Dr. ElBaradei recalled “a sense of revulsion” that such a personal decision should be made “by anybody else.”

*His wife said she had told him, “Mohamed, you run — tomorrow!”*

Strong work.

Excerpts from two _NYT_ interviews with ElBaradei can be found “here”: and “here.”:

Neocons and Black Metal

FoKerr _LH_ sent along “this piece”: by Mark Ames which makes the case that there are a number of similarities between neoconservatism and black metal.

This part is hilarious:

Then there’s [Richard] Perle, who…has his own infamous Black Metal nom de roque: The Prince of Darkness. Arrrggghhh! *Launch fireworks and pyrotechnics from front of stage, set off explosions, lower giant skull as The Prince of Darkness and David “Axis of Evil” Frum take to the stage in their End to Evil monsters of hardline ideology tour!*

The similarities don’t stop there. Whereas Vikernes and other Black Metalists saw heathen Norway in a life-or-death struggle for existence with the Semitic tribes’ Judeo-Christianity, Perle and Frum see Judeo-Christian America under threat from Islam. And both have the same solution: War, dude!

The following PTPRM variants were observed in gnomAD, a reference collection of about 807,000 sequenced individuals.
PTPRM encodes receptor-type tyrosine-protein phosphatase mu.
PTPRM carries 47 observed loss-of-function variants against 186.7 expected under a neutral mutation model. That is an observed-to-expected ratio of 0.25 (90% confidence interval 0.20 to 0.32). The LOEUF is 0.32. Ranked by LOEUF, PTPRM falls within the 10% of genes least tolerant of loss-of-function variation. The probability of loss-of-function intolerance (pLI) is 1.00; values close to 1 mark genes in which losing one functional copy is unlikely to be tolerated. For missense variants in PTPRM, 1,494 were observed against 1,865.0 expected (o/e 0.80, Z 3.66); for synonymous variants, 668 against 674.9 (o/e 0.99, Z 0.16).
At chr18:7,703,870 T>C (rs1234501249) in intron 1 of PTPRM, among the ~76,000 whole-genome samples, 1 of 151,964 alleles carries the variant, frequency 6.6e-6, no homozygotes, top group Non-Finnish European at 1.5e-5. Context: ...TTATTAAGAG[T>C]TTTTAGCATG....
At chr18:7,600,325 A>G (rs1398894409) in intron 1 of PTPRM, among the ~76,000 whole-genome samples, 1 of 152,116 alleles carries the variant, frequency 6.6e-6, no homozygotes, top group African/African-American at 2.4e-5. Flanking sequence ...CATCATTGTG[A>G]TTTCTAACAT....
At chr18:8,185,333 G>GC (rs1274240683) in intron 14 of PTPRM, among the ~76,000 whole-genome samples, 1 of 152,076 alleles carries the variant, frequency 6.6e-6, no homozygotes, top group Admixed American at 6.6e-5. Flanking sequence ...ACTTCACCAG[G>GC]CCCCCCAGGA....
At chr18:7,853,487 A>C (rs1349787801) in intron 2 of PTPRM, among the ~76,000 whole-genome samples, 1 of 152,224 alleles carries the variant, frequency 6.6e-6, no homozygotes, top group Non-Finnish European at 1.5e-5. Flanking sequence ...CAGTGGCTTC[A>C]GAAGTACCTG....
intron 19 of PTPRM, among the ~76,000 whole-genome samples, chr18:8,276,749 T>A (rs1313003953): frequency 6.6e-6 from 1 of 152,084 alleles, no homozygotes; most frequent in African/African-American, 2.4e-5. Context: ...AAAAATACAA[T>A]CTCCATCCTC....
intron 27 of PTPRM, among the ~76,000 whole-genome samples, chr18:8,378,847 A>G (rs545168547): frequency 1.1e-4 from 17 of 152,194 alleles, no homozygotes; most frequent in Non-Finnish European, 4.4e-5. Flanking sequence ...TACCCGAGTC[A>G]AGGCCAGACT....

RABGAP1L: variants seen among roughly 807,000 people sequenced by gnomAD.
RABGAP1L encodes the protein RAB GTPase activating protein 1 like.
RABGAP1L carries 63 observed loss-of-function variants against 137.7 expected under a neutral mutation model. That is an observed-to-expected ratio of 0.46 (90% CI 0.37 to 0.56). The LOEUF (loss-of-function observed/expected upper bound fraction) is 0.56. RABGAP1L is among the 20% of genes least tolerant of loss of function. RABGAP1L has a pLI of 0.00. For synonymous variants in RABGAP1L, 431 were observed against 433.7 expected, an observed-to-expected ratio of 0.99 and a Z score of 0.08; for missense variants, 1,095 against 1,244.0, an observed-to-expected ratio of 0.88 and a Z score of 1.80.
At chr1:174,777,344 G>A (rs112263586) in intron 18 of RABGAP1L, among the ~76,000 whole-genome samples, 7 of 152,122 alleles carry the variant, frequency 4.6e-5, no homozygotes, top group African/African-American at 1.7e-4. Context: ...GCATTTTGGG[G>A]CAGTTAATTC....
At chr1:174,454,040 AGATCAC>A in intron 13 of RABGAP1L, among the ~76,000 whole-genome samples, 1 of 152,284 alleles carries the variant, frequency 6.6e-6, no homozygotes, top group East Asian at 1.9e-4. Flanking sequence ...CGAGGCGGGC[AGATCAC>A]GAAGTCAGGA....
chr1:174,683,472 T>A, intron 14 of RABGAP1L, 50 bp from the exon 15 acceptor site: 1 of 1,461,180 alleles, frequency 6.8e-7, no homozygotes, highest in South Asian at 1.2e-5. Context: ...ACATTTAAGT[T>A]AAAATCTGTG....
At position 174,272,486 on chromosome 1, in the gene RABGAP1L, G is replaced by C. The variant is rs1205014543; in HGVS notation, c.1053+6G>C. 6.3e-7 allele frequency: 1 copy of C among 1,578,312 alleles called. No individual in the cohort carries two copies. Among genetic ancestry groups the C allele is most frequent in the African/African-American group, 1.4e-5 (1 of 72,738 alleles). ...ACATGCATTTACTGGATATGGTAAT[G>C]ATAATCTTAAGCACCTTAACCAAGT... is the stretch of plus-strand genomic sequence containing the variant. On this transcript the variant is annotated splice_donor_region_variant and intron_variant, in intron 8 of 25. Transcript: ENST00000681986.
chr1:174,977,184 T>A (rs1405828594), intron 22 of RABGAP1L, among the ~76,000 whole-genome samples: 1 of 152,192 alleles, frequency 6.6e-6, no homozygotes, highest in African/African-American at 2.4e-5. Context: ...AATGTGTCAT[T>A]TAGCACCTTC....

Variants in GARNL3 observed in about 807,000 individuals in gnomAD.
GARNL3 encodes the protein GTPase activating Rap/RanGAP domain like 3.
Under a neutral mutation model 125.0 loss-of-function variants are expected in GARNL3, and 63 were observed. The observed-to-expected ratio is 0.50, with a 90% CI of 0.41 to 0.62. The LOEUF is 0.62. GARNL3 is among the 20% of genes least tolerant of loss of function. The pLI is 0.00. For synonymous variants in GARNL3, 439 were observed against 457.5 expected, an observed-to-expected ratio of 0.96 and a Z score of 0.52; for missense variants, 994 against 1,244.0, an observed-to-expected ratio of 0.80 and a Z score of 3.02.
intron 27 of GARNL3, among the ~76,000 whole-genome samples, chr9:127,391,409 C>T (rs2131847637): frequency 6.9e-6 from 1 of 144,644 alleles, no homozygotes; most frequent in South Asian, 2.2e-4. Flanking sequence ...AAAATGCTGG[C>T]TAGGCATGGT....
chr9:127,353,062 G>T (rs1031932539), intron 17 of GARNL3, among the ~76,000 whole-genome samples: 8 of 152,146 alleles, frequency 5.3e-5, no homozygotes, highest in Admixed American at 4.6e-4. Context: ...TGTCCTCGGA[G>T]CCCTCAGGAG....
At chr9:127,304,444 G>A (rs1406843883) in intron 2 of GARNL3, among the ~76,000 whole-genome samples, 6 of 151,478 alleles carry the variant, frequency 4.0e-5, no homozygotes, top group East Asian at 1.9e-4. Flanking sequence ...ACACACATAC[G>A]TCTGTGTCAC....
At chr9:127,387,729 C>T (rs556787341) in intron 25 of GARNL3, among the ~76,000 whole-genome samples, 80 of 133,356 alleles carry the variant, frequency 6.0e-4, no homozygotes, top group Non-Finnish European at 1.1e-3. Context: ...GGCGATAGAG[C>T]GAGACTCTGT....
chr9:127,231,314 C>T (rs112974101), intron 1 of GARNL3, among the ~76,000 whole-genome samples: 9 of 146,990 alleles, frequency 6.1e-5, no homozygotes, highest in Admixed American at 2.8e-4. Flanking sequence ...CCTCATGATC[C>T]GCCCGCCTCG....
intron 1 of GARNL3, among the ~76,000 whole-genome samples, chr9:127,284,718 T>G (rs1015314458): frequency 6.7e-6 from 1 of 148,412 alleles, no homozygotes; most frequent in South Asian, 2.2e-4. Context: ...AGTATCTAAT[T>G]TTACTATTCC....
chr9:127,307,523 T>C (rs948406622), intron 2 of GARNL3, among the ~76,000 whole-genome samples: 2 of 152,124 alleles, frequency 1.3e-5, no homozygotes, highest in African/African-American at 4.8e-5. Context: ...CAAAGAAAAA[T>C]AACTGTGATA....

Speaking of metal (OK, grindcore) and hilarious, this is Napalm Death doing what is perhaps the shortest song ever recorded:

Yet More on Iran and IAEA Work Plan

UNSG Ban Ki-moon provided further evidence that people shouldn’t be sweating the Iran-IAEA cooperation “agreement”: quite so much. [Previous post “here.”: ]

According to “Reuters,”: Ban said that Iran has to sack up and comply with all of the UNSC’s requirements:

“I know that there was an agreement between the IAEA and Iran on the future work plans on this,” Ban said in his first reaction to the agreement. “I know that there are some different understandings or expectations.”